SEOUL/ULSAN, May 31 (Korea Bizwire) — Shareholders of Hyundai Heavy Industries Co. on Friday approved the company’s split-up plan ahead of a proposed merger with a smaller local shipbuilder amid fierce opposition from its labor union.
The split is the first step in the process of Hyundai Heavy’s planned merger with Daewoo Shipbuilding & Marine Engineering Co. They are the world’s two leading shipyards.
In March, the country’s biggest shipbuilder signed a deal worth an estimated 2 trillion won (US$1.6 billion) with the state-run Korea Development Bank (KDB) to acquire Daewoo Shipbuilding, in which the KDB holds a controlling 55.7 percent stake.
“The split-up plan is aimed at enhancing Hyundai Heavy’s capabilities and value through the merger with Daewoo Shipbuilding and leapfrogging forward once again,” Hyundai Heavy President and Chief Executive Han Young-seuk said at a shareholders meeting held in Ulsan, home to Hyundai Heavy’s shipyards.
If the split is completed, Korea Shipbuilding & Offshore Engineering (KSOE) will come into existence as subholding company focusing on research and development activities and investments under holding firm Hyundai Heavy Industries Holdings Co. Daewoo Shipbuilding will be placed under KSOE. The subholding firm will also have a reorganized Hyundai Heavy Industries focusing on shipbuilding and offshore businesses.
Despite the shareholders’ approval, Hyundai Heavy appears to be facing some hurdles before it can complete its merger with Daewoo Shipbuilding.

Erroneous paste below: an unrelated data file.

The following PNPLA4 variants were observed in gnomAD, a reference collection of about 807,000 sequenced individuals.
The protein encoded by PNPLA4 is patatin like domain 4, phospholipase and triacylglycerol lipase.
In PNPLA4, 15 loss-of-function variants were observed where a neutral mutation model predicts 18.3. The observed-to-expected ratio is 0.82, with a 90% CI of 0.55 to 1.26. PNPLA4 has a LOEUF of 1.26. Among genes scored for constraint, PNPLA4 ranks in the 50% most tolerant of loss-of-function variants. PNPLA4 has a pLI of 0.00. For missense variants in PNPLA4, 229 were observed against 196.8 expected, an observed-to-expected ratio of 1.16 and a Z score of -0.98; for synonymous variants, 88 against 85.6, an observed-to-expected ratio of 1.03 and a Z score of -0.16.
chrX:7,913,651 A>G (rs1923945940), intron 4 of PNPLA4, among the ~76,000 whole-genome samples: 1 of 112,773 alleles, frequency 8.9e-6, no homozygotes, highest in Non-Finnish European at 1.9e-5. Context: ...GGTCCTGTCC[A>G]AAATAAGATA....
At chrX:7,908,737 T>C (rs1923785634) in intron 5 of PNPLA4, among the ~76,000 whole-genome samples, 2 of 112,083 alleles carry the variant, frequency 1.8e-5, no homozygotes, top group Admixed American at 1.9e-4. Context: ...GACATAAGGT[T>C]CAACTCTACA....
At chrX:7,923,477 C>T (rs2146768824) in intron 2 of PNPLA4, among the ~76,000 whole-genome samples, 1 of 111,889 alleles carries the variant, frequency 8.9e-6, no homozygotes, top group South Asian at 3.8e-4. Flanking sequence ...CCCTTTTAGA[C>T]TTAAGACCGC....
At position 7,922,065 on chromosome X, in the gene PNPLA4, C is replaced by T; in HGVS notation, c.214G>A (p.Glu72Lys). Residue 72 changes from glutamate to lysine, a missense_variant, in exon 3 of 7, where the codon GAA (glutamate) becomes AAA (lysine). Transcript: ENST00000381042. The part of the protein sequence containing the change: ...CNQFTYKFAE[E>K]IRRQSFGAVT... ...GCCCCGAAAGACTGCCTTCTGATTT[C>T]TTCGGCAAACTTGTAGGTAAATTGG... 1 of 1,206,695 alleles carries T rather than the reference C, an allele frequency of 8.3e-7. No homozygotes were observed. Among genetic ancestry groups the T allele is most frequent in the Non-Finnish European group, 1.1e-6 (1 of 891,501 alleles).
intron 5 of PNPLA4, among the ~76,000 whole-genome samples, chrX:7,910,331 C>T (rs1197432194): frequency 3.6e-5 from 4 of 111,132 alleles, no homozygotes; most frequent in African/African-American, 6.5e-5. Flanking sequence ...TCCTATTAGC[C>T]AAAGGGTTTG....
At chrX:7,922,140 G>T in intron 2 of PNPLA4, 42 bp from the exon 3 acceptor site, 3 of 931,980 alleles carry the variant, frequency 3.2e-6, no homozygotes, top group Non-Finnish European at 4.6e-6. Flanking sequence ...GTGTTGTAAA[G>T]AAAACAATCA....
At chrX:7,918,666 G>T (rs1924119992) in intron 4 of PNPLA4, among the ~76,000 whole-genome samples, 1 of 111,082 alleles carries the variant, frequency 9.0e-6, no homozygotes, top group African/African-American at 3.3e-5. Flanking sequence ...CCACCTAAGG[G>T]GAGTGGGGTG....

Hyundai Heavy’s union said it will seek legal action to nullify the shareholders’ decision, claiming the meeting didn’t follow the proper steps. The company shifted the venue for the meeting at the last moment as the union had occupied the site originally scheduled for the gathering.
The company has said it will guarantee job security even after the split-up. But unionized workers at Hyundai Heavy have been strongly opposing the plan, claiming the split will force the newly born Hyundai Heavy to inherit massive debts that will lead to massive job cuts.
Since mid-May, the union workers have staged partial and full-scale strikes at Hyundai Heavy’s shipyard in Ulsan, 410 kilometers southeast of Seoul, in defiance of the split-up plan.
The Korea Employers Federation (KEF) urged the union to collaborate with the company to survive tougher competition with Chinese rivals amid a slowdown in the shipping industry.
“Korean shipbuilders have competed with each other to win orders in global markets. Such competition resulted in lower contract prices. An escalating trade war between the United States and China is also a major worry for exporters. At this critical juncture, the merger will help the country’s biggest shipbuilder regain profitability,” the KEF said in a statement.
In addition to the union’s opposition, Hyundai Heavy has to obtain approval from the antitrust regulator. It also has to undergo a review process over the merger in 10 countries, as well as the European Union, since the tie-up of the two major shipbuilders could reshape the global shipbuilding landscape.
Hyundai Heavy and Daewoo Shipbuilding’s combined order backlog account for about 20 percent of the global total.
If the takeover goes ahead, Hyundai Heavy Industries Holdings will have four shipbuilders under its wing — Hyundai Heavy, Hyundai Samho Heavy Industries Co., Hyundai Mipo Dockyard Co. and Daewoo Shipbuilding.